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Oceanic fronts in coastal processes proceedings of a workshop held at the Marine Sciences Research Center, May 25-27, 1977 by

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Published by Springer-Verlag in Berlin, New York .
Written in English

Subjects:

  • Water masses -- Congresses.,
  • Coast changes -- Congresses.

Book details:

Edition Notes

Includes bibliographies.

Statementedited by Malcolm J. Bowman and Wayne E. Esaias, and coauthored by the participants ; [co-sponsored by United States Coast Guard ... et al.].
ContributionsBowman, Malcolm J., Esaias, Wayne E., State University of New York at Stony Brook. Marine Sciences Research Center., United States. Coast Guard.
Classifications
LC ClassificationsGC297 .O32
The Physical Object
Paginationvi, 114 p. :
Number of Pages114
ID Numbers
Open LibraryOL4721714M
ISBN 100387088237
LC Control Number78008917

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Oceanic Fronts in Coastal Processes: Proceedings of a Workshop Held at the Marine Sciences Research Center, May 25–27, Malcolm J. Bowman (auth.), Malcolm J. Bowman, Wayne E. Esaias (eds.) On a small invited group of coastal oceanographers assembled at the Marine Sciences Research Center at Stony Brook for three days of intensive discussions in a cloistered setting. large oceanic currents of the Gulf Stream type, a variety of fronts exists in the ocean associated with various eddies, coastal upwelling, intrusions in the intermediate waters, river discharges into coastal zones of the ocean, and so on. In its turn instability of fronts gives rise to formation of eddies and jets with their own frontogenetic. 2 Introduction • Over two-thirds of Earth’s surface is ocean. • Global climate patterns are influenced by oceanic circulation which in turn is controlled by the physical characteristics of the oceans. • The evolution of coastal landforms depends on the interaction of wave action with processes . Coastal Ocean Processes publishes research undertaken in the coastal ocean and is a conduit for the exchange of ideas between physical, chemical and biological coastal oceanographers and marine geologists. The coastal ocean links the terrestrial and marine environments and is defined as the region between the continental slope and estuaries, including the nearshore region. This region.

About the Book This textbook covers physical-oceanographic processes, theories, data, and measurements, targeted at upper-division undergraduates and graduate students in oceanography, meteorology, and ocean engineering. Cite this paper as: Bowman M.J., Iverson R.L. () Estuarine and Plume Fronts. In: Bowman M.J., Esaias W.E. (eds) Oceanic Fronts in Coastal Processes. 'The book's presentation is of high standard. It can be utilized as a textbook on coastal processes and coastal engineering. The authors, who have devoted a lot of time in conducting research in coastal engineering, deserve to be congratulated on their achievement.' Source: Bulletin. Ocean currents and related processes exert relevant impacts on marine life; the most Associated with most of these processes and currents, a variety of fronts are frequently developed. In these fronts, diverse mechanisms operate to tidal currents and coastal and oceanic fronts. While each of .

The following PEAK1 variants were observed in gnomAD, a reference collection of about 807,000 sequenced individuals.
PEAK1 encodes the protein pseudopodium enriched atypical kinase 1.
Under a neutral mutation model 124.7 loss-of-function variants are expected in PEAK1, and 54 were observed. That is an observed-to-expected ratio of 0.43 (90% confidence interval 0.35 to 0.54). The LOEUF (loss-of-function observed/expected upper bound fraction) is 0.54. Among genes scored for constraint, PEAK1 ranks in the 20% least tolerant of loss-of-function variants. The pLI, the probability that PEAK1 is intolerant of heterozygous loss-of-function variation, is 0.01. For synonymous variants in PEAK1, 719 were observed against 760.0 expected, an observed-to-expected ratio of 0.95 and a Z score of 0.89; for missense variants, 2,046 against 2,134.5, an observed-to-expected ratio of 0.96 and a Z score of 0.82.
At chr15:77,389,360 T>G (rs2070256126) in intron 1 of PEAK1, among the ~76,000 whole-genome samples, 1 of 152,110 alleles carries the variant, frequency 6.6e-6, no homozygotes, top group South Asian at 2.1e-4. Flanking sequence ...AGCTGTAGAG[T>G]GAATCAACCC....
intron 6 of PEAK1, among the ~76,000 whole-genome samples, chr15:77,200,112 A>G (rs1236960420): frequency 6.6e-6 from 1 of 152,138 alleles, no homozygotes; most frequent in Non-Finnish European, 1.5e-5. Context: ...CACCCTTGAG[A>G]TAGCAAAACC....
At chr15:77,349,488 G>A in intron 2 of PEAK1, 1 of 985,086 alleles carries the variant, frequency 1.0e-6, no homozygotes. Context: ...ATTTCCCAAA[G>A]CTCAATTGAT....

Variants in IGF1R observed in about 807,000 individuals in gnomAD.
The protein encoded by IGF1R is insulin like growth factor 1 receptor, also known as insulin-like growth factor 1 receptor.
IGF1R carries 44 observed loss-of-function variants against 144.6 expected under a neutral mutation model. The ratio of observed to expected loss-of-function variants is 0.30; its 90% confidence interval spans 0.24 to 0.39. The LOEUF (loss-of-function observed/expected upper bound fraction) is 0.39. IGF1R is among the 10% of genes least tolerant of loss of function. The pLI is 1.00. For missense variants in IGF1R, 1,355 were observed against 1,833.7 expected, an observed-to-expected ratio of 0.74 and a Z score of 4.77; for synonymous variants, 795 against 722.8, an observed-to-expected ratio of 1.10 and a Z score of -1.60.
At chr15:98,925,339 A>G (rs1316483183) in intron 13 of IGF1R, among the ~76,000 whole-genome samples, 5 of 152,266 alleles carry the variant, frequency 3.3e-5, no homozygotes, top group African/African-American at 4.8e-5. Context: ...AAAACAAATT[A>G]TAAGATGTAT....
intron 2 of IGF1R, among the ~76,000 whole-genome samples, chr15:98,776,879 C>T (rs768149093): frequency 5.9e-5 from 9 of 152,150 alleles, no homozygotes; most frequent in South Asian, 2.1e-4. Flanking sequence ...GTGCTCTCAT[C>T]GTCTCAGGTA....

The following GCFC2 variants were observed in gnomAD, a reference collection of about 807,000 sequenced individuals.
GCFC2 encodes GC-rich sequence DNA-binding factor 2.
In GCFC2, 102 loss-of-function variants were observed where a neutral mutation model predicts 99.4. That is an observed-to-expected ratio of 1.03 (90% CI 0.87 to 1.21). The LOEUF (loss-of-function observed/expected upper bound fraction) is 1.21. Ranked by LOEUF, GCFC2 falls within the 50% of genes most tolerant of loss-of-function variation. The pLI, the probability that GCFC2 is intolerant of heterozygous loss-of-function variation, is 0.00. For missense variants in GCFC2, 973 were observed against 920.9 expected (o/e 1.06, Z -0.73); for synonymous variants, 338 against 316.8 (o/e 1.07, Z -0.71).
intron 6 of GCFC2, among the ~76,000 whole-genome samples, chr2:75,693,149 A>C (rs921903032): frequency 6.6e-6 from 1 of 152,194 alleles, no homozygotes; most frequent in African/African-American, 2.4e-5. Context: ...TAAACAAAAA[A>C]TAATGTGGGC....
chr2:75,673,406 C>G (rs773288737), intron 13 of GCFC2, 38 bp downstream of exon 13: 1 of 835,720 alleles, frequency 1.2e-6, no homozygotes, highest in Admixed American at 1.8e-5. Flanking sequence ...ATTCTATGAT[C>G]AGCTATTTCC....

About this book. Published by the American Geophysical Union as part of the Lecture Notes on Coastal and Estuarine Studies Series, Volume During the past several years, research into the frontal divisions of the ocean has been particularly intensive. The significance of this lies not only in . Coastal zone: is defined as the transition zone where the land meets water, the region that is directly influenced by marine hydrodynamic processes. • The coastal zone extends offshore to the continental shelf break and onshore to the first major change in topography above the reach of major storm waves. • The CZ is divided into four subzones. Shelf break fronts are the result of differences in hydrographic properties between the coastal ocean and the open sea. As noted briefly in the Introduction, the ocean's response to atmospheric forcing is modified in the coastal ocean through limited water depth and freshwater input from point sources along the coast. The water of the coastal ocean can therefore be significantly fresher, saltier, colder or . Get this from a library! Oceanic fronts in coastal processes: proceedings of a workshop held at the Marine Sciences Research Center, May , [Malcolm J Bowman; Wayne E Esaias; State University of New York at Stony Brook. Marine Sciences Research Center.; United States. Coast Guard.;].